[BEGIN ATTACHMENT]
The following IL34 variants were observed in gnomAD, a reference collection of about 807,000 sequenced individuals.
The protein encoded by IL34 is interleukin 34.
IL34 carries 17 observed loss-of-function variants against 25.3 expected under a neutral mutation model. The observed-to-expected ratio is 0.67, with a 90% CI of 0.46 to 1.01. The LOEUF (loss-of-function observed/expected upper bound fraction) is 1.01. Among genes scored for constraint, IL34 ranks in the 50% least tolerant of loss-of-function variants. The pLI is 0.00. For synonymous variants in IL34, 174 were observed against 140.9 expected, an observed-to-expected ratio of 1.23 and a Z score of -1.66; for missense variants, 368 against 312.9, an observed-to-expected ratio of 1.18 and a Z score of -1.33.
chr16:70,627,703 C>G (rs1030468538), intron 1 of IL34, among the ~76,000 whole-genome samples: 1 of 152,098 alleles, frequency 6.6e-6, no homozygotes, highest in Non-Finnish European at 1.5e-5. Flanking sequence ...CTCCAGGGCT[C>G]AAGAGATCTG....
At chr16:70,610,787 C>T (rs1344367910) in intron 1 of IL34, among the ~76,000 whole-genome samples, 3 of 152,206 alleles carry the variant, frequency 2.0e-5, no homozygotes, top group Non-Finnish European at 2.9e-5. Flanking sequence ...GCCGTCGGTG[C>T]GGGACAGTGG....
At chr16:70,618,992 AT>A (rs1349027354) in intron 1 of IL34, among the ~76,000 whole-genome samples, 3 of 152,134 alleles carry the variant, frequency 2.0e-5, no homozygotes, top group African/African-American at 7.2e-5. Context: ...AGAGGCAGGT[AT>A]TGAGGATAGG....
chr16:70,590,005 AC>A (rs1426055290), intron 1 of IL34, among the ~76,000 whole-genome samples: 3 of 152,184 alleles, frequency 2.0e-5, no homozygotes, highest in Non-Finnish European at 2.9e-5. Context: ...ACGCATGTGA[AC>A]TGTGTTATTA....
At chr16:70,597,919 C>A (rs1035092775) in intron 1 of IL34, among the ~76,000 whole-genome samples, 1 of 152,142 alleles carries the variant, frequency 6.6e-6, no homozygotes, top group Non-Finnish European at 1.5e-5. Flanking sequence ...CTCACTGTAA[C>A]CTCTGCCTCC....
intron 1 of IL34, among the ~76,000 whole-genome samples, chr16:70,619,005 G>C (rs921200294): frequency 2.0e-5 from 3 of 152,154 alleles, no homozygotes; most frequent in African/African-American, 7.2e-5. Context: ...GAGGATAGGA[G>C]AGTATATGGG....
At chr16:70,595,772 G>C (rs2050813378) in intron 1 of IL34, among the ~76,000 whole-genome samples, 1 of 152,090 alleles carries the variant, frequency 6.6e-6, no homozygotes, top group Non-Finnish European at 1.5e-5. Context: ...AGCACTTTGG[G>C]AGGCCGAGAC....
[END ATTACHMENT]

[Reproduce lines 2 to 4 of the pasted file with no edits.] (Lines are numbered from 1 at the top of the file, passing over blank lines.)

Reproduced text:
The protein encoded by IL34 is interleukin 34.
IL34 carries 17 observed loss-of-function variants against 25.3 expected under a neutral mutation model. The observed-to-expected ratio is 0.67, with a 90% CI of 0.46 to 1.01. The LOEUF (loss-of-function observed/expected upper bound fraction) is 1.01. Among genes scored for constraint, IL34 ranks in the 50% least tolerant of loss-of-function variants. The pLI is 0.00. For synonymous variants in IL34, 174 were observed against 140.9 expected, an observed-to-expected ratio of 1.23 and a Z score of -1.66; for missense variants, 368 against 312.9, an observed-to-expected ratio of 1.18 and a Z score of -1.33.
chr16:70,627,703 C>G (rs1030468538), intron 1 of IL34, among the ~76,000 whole-genome samples: 1 of 152,098 alleles, frequency 6.6e-6, no homozygotes, highest in Non-Finnish European at 1.5e-5. Flanking sequence ...CTCCAGGGCT[C>G]AAGAGATCTG....